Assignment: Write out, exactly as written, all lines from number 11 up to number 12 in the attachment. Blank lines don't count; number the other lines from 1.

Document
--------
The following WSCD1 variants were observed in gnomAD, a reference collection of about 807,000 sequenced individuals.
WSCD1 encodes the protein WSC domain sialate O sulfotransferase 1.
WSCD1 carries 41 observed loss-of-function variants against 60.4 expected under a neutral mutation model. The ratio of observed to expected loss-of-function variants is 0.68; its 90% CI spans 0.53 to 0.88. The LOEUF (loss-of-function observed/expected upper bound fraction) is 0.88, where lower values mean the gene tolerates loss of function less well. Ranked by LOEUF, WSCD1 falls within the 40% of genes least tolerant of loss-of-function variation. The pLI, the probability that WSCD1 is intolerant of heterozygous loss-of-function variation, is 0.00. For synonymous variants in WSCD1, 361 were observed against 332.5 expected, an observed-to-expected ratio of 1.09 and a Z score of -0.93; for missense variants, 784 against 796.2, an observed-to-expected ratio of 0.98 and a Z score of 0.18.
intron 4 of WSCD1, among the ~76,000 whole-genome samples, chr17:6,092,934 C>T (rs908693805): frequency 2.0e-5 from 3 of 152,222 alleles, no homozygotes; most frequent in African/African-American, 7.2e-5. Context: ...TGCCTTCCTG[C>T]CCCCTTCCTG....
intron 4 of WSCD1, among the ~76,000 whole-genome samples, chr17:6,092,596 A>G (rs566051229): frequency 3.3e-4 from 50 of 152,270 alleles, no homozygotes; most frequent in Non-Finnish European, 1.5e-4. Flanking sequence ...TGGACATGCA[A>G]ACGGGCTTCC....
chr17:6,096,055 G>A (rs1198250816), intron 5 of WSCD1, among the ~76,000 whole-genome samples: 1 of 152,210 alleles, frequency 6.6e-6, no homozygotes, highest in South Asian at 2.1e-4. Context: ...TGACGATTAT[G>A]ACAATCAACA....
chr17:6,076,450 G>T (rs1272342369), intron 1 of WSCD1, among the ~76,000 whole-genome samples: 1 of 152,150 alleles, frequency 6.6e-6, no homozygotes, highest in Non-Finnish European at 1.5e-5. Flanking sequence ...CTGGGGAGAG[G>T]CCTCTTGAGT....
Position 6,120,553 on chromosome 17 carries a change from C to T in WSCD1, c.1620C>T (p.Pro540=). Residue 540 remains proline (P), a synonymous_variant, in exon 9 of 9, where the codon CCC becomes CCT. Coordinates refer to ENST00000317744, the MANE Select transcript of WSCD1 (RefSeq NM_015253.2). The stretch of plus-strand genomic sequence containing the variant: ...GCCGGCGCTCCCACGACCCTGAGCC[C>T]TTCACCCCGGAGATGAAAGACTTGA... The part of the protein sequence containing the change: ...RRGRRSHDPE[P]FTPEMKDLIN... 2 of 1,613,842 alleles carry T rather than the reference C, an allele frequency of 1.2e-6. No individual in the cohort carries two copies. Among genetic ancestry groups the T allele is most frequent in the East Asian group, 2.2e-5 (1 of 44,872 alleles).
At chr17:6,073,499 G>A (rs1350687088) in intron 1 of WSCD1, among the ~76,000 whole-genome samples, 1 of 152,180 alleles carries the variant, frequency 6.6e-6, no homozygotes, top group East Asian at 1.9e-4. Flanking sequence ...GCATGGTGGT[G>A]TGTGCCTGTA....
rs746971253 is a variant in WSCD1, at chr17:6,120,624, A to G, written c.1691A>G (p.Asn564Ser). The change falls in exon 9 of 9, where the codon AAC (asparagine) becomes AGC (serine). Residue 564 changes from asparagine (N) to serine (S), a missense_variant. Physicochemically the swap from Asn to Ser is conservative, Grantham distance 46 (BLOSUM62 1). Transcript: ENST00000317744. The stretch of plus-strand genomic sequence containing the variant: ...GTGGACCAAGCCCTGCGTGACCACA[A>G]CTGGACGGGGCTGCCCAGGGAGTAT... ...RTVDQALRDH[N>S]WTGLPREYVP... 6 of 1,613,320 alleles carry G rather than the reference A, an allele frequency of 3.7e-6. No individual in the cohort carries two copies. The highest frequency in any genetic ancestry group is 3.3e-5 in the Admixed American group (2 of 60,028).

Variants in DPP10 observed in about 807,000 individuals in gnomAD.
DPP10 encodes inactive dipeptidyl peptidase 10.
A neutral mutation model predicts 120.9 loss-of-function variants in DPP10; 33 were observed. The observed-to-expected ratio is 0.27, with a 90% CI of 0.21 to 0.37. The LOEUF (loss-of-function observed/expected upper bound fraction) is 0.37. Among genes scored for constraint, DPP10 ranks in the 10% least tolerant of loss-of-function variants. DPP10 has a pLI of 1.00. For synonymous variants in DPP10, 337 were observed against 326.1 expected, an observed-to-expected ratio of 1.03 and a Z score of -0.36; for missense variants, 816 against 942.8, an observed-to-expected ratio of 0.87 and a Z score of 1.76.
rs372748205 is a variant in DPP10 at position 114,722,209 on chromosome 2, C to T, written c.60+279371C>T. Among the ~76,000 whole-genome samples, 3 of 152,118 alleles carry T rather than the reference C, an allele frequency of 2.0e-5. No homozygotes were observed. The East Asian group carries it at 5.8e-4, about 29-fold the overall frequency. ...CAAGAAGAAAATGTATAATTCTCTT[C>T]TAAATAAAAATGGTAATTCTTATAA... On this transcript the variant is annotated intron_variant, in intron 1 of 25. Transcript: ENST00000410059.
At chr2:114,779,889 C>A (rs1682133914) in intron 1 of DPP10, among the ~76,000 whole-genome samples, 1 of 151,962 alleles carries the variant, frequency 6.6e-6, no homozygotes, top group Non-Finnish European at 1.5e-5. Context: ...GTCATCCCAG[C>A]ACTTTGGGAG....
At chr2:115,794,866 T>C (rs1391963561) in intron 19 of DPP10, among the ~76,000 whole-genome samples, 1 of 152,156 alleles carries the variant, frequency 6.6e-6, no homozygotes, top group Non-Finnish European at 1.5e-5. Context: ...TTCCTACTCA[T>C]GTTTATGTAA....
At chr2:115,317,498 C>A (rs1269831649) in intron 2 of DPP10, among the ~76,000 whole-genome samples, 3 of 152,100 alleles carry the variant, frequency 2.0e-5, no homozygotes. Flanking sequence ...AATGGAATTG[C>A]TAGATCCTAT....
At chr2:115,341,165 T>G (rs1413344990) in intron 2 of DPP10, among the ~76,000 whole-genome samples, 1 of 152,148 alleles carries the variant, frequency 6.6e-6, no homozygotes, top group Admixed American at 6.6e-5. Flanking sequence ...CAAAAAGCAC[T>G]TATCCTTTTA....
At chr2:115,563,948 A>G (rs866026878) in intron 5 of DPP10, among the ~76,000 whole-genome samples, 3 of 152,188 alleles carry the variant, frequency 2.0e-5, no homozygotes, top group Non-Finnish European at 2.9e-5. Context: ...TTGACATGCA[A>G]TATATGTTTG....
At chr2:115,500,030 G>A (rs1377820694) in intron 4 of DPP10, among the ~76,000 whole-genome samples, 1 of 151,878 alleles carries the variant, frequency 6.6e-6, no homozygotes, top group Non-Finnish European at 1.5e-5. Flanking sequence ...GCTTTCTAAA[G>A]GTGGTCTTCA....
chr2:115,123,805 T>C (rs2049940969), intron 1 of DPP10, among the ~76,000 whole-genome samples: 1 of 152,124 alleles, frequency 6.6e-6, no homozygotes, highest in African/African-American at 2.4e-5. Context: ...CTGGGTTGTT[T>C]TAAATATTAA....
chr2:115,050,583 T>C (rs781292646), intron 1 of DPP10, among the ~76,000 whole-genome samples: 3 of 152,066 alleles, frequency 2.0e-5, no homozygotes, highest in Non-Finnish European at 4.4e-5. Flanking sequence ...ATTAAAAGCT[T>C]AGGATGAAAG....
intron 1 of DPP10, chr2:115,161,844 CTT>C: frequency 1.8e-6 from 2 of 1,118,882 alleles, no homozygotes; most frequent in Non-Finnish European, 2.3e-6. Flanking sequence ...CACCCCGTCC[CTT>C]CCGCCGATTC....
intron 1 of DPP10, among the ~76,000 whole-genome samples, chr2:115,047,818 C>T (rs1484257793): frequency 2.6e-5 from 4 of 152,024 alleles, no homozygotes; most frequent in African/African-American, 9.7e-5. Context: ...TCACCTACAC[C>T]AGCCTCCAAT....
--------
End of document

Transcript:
Variants in DPP10 observed in about 807,000 individuals in gnomAD.
DPP10 encodes inactive dipeptidyl peptidase 10.